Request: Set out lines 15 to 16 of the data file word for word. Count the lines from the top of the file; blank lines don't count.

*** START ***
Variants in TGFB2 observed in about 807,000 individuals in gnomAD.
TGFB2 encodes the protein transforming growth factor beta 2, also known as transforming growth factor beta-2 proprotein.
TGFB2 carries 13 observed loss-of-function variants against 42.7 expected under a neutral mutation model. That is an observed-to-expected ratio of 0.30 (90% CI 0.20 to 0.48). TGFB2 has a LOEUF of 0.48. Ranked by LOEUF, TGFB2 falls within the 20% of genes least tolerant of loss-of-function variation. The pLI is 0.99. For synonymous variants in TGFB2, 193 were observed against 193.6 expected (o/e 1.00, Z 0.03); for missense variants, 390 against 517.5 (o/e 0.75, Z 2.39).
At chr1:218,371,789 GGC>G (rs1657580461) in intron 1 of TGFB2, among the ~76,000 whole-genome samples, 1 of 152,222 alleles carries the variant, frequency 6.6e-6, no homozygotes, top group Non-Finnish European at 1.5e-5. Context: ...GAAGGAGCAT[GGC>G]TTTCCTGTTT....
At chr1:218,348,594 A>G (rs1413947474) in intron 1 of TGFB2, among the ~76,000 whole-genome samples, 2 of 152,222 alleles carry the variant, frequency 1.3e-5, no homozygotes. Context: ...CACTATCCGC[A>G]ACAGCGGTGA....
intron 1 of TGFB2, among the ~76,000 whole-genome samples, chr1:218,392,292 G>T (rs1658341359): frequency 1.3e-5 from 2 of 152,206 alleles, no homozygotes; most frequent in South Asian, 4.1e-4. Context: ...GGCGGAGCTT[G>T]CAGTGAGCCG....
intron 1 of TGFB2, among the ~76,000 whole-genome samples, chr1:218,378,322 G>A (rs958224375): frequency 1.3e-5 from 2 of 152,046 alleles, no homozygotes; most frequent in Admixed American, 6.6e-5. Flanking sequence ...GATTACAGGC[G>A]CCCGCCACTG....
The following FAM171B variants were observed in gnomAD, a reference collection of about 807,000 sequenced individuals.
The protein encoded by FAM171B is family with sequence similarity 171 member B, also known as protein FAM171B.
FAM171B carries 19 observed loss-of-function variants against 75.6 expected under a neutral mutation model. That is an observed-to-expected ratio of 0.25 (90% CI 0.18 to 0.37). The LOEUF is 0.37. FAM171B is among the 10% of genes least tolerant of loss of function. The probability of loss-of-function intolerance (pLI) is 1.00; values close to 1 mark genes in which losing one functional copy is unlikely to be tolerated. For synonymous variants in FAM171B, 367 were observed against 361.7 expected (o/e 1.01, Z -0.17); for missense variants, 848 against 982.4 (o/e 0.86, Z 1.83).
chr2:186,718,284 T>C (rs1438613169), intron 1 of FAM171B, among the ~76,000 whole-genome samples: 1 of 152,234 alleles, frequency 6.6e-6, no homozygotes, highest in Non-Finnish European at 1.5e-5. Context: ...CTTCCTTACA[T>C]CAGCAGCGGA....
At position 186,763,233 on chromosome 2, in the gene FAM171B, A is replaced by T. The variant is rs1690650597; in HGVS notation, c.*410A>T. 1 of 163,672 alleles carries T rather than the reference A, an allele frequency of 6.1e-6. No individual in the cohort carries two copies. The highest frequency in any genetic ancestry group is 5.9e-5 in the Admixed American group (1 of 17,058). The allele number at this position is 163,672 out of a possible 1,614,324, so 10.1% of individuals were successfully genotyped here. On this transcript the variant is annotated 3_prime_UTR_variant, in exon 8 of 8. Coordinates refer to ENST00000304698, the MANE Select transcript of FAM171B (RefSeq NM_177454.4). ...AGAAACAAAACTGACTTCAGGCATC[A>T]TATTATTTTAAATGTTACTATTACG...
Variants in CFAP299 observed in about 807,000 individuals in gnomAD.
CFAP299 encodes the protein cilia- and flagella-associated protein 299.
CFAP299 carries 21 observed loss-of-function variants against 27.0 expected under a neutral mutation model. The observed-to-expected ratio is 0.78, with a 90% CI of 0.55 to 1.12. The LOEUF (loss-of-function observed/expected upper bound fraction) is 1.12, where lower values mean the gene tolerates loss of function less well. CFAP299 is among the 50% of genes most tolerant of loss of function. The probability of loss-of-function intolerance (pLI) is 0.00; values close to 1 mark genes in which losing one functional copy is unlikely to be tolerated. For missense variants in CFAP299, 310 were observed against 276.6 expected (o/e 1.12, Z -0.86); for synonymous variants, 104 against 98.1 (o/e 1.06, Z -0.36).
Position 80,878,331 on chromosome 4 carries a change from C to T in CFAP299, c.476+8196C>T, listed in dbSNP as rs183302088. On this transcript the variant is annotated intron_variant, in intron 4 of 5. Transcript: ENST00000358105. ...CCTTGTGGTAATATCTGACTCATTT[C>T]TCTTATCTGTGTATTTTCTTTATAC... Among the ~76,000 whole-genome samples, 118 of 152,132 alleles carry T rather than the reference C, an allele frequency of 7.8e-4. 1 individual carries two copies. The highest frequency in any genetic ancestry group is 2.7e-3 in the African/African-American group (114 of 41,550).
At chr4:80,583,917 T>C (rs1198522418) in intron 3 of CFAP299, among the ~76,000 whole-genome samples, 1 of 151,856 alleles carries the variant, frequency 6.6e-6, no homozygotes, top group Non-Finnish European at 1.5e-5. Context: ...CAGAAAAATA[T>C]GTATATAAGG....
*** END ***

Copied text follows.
CFAP299 carries 21 observed loss-of-function variants against 27.0 expected under a neutral mutation model. The observed-to-expected ratio is 0.78, with a 90% CI of 0.55 to 1.12. The LOEUF (loss-of-function observed/expected upper bound fraction) is 1.12, where lower values mean the gene tolerates loss of function less well. CFAP299 is among the 50% of genes most tolerant of loss of function. The probability of loss-of-function intolerance (pLI) is 0.00; values close to 1 mark genes in which losing one functional copy is unlikely to be tolerated. For missense variants in CFAP299, 310 were observed against 276.6 expected (o/e 1.12, Z -0.86); for synonymous variants, 104 against 98.1 (o/e 1.06, Z -0.36).
Position 80,878,331 on chromosome 4 carries a change from C to T in CFAP299, c.476+8196C>T, listed in dbSNP as rs183302088. On this transcript the variant is annotated intron_variant, in intron 4 of 5. Transcript: ENST00000358105. ...CCTTGTGGTAATATCTGACTCATTT[C>T]TCTTATCTGTGTATTTTCTTTATAC... Among the ~76,000 whole-genome samples, 118 of 152,132 alleles carry T rather than the reference C, an allele frequency of 7.8e-4. 1 individual carries two copies. The highest frequency in any genetic ancestry group is 2.7e-3 in the African/African-American group (114 of 41,550).